performance, including one or more dedicated 10 Gigabit connections via Ethernet or PCIe; multi-gigahertz data processing is readily available because the full data plane bandwidth is no longer shared between boards. Overall, developers using these proven systems are able to capitalize on a winning set of optimized, cost-effective, flexible and open standards technologies such as VPX, Ethernet, Intel processors, Linux and integrated

The 3U VPX PCI Express and Ethernet hybrid switch VX3905 partners with the centralized backplane to efficiently handle a high bandwidth. It provides up to 24 ports with 32 lane PCI Express Gen 1 / Gen 2 switching and additional 9-port Gigabit Ethernet switching.

software compiler tools. The benefits from leveraging pre-qualified systems and longterm manufacturer support give defense contractors the critical ability to demonstrate credibility and field readiness to compete successfully in the PoC phase. Kontron Poway, CA (888) 294-4558

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vestments and accelerating design of the rest of the application. No resources or design effort is wasted at any point in the process, and development timelines can be reduced by as much as half.

Winning the PoC Phase Reducing costs, risk and design schedules provides a tangible advantage in the more demanding environment of Agile Acquisition. To compete, developers must rely on efficient complete systems that include hardware, development environment and OS—application-ready for fast testing and PoC (proof of concept). A generic IT architecture based entirely on open standards simplifies design and not only meets DoD business policies based on open standards, but it is also readily available in scalable, pre-qualified and modular platforms. These proven platforms provide cost-effective flexibility, enabling developers to quickly expand from a PoC prototype to the final application. Accessible systems such as Kontron’s StarVX allow multiple computer profiles, as well as ideal flexibility and scalability to add performance features or advance performance by upgrading to the latest CPU technology. Pre-integrated VPX platforms are also unleashing a new level of data processingbased applications—now providing the enabling high performance in demand for radar, sonar and general image processing. Developers can tap advanced datacenter-like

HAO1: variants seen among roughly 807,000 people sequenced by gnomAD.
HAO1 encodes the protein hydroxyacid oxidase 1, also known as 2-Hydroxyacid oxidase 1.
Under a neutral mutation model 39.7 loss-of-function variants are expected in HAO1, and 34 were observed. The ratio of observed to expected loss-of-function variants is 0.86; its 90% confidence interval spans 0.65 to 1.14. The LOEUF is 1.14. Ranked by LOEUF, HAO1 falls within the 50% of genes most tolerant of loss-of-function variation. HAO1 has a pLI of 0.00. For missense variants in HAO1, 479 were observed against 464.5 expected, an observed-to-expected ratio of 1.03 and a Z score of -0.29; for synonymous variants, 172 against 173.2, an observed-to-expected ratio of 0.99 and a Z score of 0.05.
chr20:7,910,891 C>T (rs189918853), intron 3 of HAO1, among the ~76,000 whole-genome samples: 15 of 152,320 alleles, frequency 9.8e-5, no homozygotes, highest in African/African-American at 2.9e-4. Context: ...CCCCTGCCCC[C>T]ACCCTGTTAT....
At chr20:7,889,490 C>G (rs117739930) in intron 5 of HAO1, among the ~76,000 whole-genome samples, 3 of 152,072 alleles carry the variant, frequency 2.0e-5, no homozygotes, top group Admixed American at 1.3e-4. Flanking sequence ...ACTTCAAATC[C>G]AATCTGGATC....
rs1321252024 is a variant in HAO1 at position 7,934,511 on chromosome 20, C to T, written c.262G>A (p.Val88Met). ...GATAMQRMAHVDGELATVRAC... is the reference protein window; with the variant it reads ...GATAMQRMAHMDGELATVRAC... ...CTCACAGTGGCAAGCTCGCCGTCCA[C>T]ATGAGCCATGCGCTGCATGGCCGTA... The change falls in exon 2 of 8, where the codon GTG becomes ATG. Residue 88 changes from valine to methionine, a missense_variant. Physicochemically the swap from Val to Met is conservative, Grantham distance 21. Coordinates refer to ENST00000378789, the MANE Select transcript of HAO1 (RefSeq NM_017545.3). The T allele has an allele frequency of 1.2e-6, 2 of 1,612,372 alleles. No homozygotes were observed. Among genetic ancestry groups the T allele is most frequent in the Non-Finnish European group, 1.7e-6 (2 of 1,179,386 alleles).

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TECH RECON Laptops and Tablets as Military User Interfaces

Laptops and Tablets Meet Military HMI Needs Rugged laptops, portable workstations and more recently tablets have become a convenient solution for the mobile user interface for many military systems. These devices are enabling the military to advance toward the goal of network-centric operations. Jeff Child, Editor-in-Chief


Figure 1 The latest version of FliteDeck Pro features new departure and arrival runway depiction (SID and STAR) rendering on the enroute map to increase pilot situational awareness.

oday’s networked military has a multitude of platforms that require sophisticated graphical user interfaces. Often in the form of rugged laptops, workstations and display systems and even rugged tablets, these interfaces are how the warfighter gets the complex situational awareness data—maps, video, images and text—it requires, and also how they interface directly to military weapons platforms on networks. These technologies help enable what the U.S. military calls network-centric operations. The goal is toward a networked military, which means that every vehicle, every aircraft, every ship, every UAV and every soldier on the ground has the capability to share data, voice and even video with almost any level of the DoD’s operation. Both the military and commercial aerospace industries are taking consumer tablet products and outfitting them in rugged cases, while the DoD and the mil/aero technology suppliers have crafted a growing selection of apps to run on those tablets. Meanwhile, other human-machine interface (HMI) technologies like touchscreens are filling some of the same needs. And rugged laptops are the most common user interface for larger embedded computing systems.